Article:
Fig. 4
Responses to single and repetitive paired pulses showed similar levels of paired-pulse suppression at low frequencies, but suppression progressively increased at higher frequencies of stimulation. A: Bar graph of the paired-pulse ratio from averaged single ...
Fig. 5
Paired-pulse suppression increased as stimulus frequency increased at all but the lowest stimulation intensity. Plots of the paired-pulse ratio from averaged responses to repetitive paired-pulse stimulation at frequencies of 0.1-4.0 Hz and all stimulus ...

Variability in the amplitude of the population spike to the conditioning pulse during repetitive paired-pulse stimuli

In order for measurements of paired-pulse suppression to be reproducible and accurate during a repetitive train, the amplitude of the population spike produced by the conditioning pulse must remain constant. To determine if this was the case, the amplitudes of the population spikes in response to the conditioning pulse were compared during a repetitive train at all stimulus intensities, interpulse intervals and frequencies tested. Figure 6A shows a repetitive paired-pulse train resulting from stimulation of 75% intensity at 3.0 Hz. The population spike to the conditioning pulse from the first, fifth and tenth pairs are shown at a larger scale in Figure 6B, where their amplitudes increased progressively during the train. To further investigate changes in population spike amplitudes in response to the conditioning pulse, amplitude ratios were calculated between the first and all subsequent conditioning pulse population spikes during a repetitive train. Low-frequency stimulation of 0.1 Hz did not produce any substantive differences in conditioning-pulse population-spike amplitudes during a train, as indicated by an amplitude ratio consistently close to 1.0 (Fig. 7). At 1.0 Hz, the amplitude ratio initially dropped below 1.0 and then progressively increased when using a stimulus intensity of 75% (Fig. 7). As stimulus frequency was increased from 2.0 to 4.0 Hz, the amplitude ratios progressively increased, with the largest values and degree of variability present at 4.0 Hz (Fig. 7). Differences were statistically significant at 2.0 Hz using interpulse intervals of 40 and 80 ms, at 3.0 Hz using an 80 ms interpulse interval, and at 4.0 Hz using interpulse intervals of 20 and 40 ms (one-way ANOVA, p< 0.05). These data indicate that the amplitude of the population spike to the conditioning pulse during repetitive paired-pulse activation increased. Further, stimulation at low frequencies (0.1-1.0 Hz) produced little variability in conditioning-pulse population-spike amplitude. However, as the frequency was increased to 4.0 Hz the amplitudes of the population spikes in response to the conditioning pulse progressively increased in amplitude and variability, especially at high intensities of 75%-100%.

Fig. 6
The population spike responses to the conditioning pulse typically increased in amplitude during repetitive paired-pulse stimulation. A: Schematic diagram showing a train of 10 paired pulses delivered at 3.0 Hz and an intensity of 75% of maximum population-spike ...
Fig. 7
Population-spike amplitude in response to the conditioning stimulus increased at higher stimulation frequency. A: Little change occurred in population spike amplitudes between the first and tenth pairs in a repetitive train at 0.1 Hz. At 1.0 Hz stimulation, ...


Overview of results

The goal of this study was to determine how the parameters used in the paired-pulse technique in vivo affect the levels of paired-pulse suppression in the dentate gyrus. This technique has been widely used in epilepsy research, generally with quite different stimulation parameters across studies, and sometimes without specification of the stimulation parameters. The present study shows that the degree of paired-pulse suppression from single and repetitive paired-pulse stimuli is highly dependent on the combination of stimulus intensity and interpulse interval; high stimulus intensity and short interpulse intervals produced the greatest levels of paired-pulse suppression. During repetitive pairs of stimulus pulses at 1.0 to 4.0 Hz, the level of paired-pulse suppression increased during the train at all but the lowest intensity. Importantly, the amplitude of the population spike produced by the conditioning pulse increased and was variable in amplitude during repetitive paired-pulse trains at higher frequencies. These data show that the measured levels of paired-pulse suppression, particularly with repetitive pairs of pulses, are highly dependent on the choice of stimulus parameters. Therefore, consistent and detailed information on the stimulus parameters, with special attention paid to stimulus intensity, are essential for data from paired-pulse experiments to be both reliable and reproducible in comparisons of normal and epileptic tissue.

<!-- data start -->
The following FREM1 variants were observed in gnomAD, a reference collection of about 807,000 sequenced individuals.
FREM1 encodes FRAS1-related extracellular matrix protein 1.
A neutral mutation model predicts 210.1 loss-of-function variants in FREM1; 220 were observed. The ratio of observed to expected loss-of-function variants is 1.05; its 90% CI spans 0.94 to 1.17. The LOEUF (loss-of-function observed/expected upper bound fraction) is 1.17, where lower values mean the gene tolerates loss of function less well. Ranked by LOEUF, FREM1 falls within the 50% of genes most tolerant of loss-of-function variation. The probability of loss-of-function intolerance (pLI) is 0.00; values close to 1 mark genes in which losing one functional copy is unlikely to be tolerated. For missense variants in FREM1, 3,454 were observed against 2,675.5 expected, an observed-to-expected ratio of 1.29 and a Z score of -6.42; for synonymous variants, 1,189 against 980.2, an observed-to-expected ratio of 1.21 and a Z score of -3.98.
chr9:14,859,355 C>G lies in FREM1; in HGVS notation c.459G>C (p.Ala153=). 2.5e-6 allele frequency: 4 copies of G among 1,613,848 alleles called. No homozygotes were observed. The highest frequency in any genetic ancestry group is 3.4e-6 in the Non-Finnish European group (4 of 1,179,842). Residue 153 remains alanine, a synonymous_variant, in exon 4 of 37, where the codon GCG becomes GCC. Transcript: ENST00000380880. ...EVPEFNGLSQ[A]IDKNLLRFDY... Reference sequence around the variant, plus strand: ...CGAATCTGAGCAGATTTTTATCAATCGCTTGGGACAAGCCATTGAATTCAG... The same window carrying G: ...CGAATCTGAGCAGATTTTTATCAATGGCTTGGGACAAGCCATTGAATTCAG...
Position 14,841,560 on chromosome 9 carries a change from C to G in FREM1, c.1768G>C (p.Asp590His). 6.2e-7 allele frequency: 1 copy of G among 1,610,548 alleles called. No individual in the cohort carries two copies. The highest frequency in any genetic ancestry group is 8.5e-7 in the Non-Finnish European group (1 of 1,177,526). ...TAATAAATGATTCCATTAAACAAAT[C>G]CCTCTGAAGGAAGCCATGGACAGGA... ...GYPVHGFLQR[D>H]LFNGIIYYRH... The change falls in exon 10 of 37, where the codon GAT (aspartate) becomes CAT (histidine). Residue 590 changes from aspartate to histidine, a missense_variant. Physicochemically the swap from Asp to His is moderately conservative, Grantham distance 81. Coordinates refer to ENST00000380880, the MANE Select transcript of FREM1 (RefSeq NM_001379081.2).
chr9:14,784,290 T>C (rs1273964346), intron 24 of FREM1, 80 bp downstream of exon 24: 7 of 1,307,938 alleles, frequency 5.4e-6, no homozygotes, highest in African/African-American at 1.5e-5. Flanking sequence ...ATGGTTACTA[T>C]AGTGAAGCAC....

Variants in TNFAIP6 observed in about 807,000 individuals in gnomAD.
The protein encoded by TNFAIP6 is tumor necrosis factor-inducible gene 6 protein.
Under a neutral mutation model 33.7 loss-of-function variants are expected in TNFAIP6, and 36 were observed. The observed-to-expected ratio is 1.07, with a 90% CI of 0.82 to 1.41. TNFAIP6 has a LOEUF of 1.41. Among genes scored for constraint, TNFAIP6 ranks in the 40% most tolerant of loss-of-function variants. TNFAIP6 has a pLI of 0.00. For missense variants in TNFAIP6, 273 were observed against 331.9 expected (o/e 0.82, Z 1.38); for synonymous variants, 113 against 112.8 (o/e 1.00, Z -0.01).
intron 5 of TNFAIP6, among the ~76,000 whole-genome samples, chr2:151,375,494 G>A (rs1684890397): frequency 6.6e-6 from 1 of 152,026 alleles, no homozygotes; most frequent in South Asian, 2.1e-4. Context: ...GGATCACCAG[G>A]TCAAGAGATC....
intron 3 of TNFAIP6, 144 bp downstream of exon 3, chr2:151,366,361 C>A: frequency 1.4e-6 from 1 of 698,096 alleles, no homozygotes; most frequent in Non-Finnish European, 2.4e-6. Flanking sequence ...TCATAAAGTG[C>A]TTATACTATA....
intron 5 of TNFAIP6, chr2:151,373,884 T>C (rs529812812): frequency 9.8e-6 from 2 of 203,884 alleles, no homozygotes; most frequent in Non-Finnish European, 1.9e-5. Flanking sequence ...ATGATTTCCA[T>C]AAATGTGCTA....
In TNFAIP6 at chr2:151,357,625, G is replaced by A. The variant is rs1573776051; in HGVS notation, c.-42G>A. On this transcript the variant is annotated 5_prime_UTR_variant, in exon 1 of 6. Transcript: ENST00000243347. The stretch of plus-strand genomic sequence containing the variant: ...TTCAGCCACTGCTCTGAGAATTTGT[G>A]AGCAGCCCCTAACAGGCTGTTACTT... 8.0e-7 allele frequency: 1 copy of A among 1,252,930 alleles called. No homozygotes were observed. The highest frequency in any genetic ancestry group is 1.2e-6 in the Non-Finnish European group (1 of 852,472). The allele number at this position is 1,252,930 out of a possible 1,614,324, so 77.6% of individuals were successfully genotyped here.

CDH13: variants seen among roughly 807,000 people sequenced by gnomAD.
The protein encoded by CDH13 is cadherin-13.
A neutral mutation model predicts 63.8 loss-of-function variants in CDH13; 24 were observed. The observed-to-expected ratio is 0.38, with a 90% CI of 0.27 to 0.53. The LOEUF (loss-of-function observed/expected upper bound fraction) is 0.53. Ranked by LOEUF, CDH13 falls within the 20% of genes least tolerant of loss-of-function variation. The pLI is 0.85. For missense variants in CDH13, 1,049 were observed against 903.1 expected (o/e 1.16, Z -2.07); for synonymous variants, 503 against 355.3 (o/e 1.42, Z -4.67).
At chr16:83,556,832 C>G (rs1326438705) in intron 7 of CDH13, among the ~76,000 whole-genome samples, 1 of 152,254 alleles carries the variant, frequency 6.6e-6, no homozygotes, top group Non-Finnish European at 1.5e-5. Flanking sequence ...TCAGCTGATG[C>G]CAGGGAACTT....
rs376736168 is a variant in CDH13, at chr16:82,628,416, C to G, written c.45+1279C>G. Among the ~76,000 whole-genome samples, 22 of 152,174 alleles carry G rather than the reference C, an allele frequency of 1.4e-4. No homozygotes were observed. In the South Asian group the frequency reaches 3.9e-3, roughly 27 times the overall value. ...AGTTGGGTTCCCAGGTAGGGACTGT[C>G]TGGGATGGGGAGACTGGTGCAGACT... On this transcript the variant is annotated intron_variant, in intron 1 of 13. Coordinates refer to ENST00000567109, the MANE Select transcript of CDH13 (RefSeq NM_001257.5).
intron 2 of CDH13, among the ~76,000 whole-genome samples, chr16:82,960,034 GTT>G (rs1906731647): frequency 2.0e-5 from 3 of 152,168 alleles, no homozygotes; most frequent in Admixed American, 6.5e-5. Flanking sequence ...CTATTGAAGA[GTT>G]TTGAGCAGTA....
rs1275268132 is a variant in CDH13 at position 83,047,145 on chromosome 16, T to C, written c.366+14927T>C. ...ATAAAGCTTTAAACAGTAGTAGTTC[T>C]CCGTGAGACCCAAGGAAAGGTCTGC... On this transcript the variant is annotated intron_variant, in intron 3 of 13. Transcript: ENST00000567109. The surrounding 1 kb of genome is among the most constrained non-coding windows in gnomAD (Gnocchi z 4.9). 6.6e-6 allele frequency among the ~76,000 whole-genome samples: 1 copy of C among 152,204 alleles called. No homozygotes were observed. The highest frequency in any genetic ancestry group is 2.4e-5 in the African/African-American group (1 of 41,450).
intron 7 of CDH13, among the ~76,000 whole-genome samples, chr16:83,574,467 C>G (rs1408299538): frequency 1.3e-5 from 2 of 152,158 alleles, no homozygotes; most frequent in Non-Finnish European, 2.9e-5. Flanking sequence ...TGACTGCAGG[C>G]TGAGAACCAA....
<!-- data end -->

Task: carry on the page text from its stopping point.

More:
Single paired-pulse stimulation: influence of interpulse interval

The most obvious factor affecting the level of paired-pulse suppression to single pairs of stimuli was the interpulse interval. Three distinct effects on the level of paired-pulse suppression are known to occur depending on the interpulse interval: (1) a strong early suppression phase, (2) a progressively lower level of suppression and facilitation phase, and (3) a late suppression phase (Tuff et al., 1983; Racine and Milgram, 1983; Joy and Albertson, 1987). Early paired-pulse suppression is thought to correspond primarily to the time course of the intracellularly recorded GABAA-receptor mediated fast IPSP (e.g., McCormick, 1989). Late paired-pulse suppression is thought to reflect the time course of the intracellularly recorded GABAB-receptor mediated slow IPSP (e.g., McCormick, 1989). When using single pairs of pulses, the present study confirms the results reported by Kapur et al. (1989) by observing that paired-pulse suppression was strongest at short interpulse intervals and progressively decreased as the interval increased, thus representing the transition from fast GABAA-receptor to slow GABAB-receptor mediated IPSPs.